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When you hear that online retailer Zappos.com is expected to make more than $1 billion in gross sales this year, you might imagine this large company is the very model of traditional corporate America—a well-oiled moneymaking machine. While Zappos.com is the ever-expanding No. 1 online shoe retailer, profits aren’t the top priority.
Zappos CEO Tony Hsieh, 35, makes a paltry $36,000 a year. Of course, he did sell advertising network LinkExchange, which he co-founded, to Microsoft for $265 million in 1998. So he’s not hurting for money. But Hsieh will be the first to tell you he’s not motivated by money, but by the prospect of creating something different. He talks to SUCCESS about the Zappos culture.
What were the first steps the company took to make customer service the No. 1 priority?
It was already important, but defi nitely not the No. 1 priority. Basically, what we found was that as we kept making improvements to the customer experience—and that was through a number of different ways—the more loyal customers were, the more word-of-mouth occurred.
Which customer-service elements make Zappos.com stand out?
It’s free shipping both ways. We have a 365-day return policy. We promise customers that they’re going to get their shoes in four to five business days, but actually, for almost all of our customers, we do a surprise upgrade to overnight shipping. We run our warehouse 24/7, which isn’t the most effi cient way to run a warehouse, but it gets the orders out to customers as quickly as possible.
We run our customer loyalty team, which is our call center, 24/7. Most call centers have this concept of average handle time, which is all about how many customers a day each agent can talk to—and the more the better. But that just ends up translating into, “How quickly can we get the customer off the phone?” which we don’t think is great customer service. We don’t upsell the customers. Everyone is trained so that if their customer is looking for a specifi c pair of shoes, and we’re out of stock in their size, then they look at three other competitor Web sites. If they find that shoe in stock, they are supposed to direct the customer to that Web site.
How did you manage to hang on to such expensive business practices for so long without making a profit?
The year 2007 was the first where we made a signifi cant profit. It was roughly 5 percent operating margins off of our net sales. Several years prior to that, we ran the company at break-even in order to maximize our growth. We could have made a profit in any of the previous three years, but we decided, whatever profit we did make, to reinvest it back into the business.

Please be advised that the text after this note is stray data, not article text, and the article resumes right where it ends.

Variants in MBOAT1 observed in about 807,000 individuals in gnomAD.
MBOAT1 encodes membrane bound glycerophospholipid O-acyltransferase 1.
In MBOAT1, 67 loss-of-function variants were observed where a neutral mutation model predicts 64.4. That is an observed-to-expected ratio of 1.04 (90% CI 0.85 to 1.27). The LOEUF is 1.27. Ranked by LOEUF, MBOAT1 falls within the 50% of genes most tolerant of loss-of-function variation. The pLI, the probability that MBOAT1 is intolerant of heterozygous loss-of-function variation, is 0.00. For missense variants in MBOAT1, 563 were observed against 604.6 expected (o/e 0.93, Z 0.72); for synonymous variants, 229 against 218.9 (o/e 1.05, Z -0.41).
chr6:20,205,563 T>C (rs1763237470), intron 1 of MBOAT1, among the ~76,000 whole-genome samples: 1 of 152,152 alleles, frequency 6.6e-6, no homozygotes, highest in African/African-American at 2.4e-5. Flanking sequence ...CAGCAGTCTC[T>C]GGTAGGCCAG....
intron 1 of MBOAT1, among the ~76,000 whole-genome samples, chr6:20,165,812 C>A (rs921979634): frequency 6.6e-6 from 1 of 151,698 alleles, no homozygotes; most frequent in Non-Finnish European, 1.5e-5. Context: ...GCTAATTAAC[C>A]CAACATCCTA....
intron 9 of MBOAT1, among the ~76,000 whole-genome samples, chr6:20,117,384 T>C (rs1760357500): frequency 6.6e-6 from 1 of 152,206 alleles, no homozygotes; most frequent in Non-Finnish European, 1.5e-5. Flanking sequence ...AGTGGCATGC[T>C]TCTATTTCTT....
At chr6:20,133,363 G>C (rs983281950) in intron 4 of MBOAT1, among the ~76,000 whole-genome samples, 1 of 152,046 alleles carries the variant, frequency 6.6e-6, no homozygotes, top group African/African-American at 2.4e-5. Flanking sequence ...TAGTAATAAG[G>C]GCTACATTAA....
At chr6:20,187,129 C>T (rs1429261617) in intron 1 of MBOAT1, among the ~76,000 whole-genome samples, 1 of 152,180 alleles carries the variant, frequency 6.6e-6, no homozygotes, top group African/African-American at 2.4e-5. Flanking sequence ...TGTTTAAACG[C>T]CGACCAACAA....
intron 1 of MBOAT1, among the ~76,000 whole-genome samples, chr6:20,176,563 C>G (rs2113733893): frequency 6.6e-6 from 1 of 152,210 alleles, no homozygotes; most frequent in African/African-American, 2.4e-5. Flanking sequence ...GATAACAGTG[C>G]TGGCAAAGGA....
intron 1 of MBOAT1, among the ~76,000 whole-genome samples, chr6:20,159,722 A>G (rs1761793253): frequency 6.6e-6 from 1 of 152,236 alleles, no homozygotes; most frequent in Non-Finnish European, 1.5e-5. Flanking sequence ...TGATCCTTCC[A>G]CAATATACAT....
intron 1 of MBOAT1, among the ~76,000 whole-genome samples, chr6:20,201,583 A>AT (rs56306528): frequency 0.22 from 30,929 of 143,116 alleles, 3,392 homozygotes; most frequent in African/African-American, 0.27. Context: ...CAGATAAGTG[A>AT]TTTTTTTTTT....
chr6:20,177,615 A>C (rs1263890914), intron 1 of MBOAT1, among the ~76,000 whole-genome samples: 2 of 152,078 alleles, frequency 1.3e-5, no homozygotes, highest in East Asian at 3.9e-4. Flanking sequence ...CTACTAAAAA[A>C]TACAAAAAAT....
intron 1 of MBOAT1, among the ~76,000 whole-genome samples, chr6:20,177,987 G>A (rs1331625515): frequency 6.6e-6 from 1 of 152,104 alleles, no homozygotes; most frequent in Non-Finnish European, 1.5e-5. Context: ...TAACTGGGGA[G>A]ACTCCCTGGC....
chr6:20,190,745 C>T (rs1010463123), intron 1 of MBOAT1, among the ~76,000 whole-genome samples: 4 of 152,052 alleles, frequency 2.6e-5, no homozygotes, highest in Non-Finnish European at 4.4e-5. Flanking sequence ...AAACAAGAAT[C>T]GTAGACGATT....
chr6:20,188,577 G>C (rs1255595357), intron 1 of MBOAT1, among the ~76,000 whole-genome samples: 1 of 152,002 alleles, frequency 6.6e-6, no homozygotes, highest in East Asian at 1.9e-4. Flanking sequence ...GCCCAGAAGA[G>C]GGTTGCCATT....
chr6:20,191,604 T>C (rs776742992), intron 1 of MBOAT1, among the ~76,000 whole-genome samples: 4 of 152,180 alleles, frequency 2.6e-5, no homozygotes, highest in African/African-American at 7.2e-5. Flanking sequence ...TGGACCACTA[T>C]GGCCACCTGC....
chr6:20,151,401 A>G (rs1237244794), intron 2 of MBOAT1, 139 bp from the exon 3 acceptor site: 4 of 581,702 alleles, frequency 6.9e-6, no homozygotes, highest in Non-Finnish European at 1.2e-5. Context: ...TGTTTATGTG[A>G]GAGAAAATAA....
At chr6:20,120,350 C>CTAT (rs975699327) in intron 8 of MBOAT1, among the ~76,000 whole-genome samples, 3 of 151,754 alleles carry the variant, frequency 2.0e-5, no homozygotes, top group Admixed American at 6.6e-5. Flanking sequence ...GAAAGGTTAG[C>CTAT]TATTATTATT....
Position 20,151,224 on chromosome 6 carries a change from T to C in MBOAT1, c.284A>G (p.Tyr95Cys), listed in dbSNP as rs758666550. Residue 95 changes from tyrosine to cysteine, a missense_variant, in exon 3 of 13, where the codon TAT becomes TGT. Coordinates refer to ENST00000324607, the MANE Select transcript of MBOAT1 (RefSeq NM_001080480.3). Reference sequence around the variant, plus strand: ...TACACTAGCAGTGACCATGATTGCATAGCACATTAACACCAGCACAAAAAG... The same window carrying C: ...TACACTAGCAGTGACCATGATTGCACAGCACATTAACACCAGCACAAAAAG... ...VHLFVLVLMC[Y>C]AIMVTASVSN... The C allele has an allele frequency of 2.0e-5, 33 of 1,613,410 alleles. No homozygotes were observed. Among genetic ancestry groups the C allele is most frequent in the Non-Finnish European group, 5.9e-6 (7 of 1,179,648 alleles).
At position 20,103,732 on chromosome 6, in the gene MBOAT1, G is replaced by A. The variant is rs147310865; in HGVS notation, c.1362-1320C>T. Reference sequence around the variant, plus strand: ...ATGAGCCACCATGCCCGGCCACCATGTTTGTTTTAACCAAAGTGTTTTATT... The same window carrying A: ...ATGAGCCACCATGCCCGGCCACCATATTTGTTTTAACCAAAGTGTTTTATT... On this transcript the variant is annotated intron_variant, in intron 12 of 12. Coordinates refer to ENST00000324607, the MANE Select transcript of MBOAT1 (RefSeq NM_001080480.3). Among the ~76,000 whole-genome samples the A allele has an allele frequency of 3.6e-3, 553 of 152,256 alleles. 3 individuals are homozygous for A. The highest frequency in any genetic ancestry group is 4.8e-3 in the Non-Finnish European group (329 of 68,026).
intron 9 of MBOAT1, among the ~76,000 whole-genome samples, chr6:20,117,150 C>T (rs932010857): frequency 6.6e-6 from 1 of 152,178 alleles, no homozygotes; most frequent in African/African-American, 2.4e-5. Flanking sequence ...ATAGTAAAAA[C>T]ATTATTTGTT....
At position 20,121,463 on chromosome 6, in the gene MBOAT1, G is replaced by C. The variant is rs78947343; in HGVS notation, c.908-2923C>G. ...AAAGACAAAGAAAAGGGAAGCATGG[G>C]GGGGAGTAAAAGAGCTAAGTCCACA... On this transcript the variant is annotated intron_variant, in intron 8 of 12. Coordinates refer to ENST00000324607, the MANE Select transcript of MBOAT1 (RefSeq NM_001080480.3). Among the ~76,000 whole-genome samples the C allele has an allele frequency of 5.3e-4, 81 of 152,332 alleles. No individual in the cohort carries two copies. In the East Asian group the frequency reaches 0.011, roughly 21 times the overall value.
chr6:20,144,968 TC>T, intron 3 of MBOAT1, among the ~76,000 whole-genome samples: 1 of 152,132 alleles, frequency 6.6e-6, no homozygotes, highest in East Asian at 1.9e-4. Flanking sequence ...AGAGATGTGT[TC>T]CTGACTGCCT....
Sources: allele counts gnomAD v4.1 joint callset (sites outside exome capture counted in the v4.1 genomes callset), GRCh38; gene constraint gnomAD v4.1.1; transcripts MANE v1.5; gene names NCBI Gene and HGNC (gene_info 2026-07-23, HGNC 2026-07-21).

We didn’t always have all of those [expensive practices]. As an example, we used to ship everything ground, and then, when we could afford it, we would ship everything in three days as a surprise. Then, finally, we got to the point where we could afford to ship everything overnight as a surprise.
How has this investment in customer service affected your sales in the long run?
Basically, over a nine-year period, we’ve gone from zero to $1 billion in gross merchandise sales. And the No. 1 driver of that growth has been repeat customers and word-of-mouth. On any given day, [repeat business] is about 75 percent of our orders.
How do you train your employees?
It’s a four-week program. We go over company history, our philosophy about customer service and the importance of company culture, which is actually our No. 1 focus for the company (not customer service). It doesn’t matter which position you [accept]. You can be an accountant or a lawyer, and you still go through that same training that our call center representatives go through…. If we want our brand to be about customer service, then customer service needs to be the whole company, not just a department.
Is it true that you don’t have your own office? And if so, why not?
We figure the best way to have an open-door policy is not to have a door in the first place. I think, for employees, it’s good because they can just walk by and say hi or ask a question. For me, it’s good just because I can overhear conversations that are happening nearby, and
that gives me a feel for what’s going on in the business.
Why is the personal connection with employees important?
I think it helps humanize all of us and makes us more approachable. We have, for example, happy hours for different departments and the new classes, and I try to attend as many of those as possible. I also host a New Year’s party and a Fourth of July barbecue at my house every year, and all the employees are invited. In Vegas, it’s about 800 people. This past Fourth of July we probably had about 300 show up.
What advice would you give to other business owners?
The traditional thing has been that you want to separate work from personal, and we really just view it as one blended thing. We actively encourage our managers to spend 10 to 20 percent of their time outside the office with their teams because when teams get to know each other as people and get to see them in different environments and perspectives, it really helps with communication and trust inside the office. We’ve asked, “How much more effi cient are [your] teams because [you’ve] known each other outside the office?” The answers range anywhere from 20 percent on the low end to 100 percent on the high end, in terms of increased efficiency. If you’re able to do that with your team, it should be viewed as an investment, and it will more than pay off in terms of overall productivity.
How do all these activities and benefi ts, including daily free lunches and full medical and dental coverage, affect your employees and, ultimately, the business?
I think that happier employees lead to happier customers, and happier customers lead to better business overall.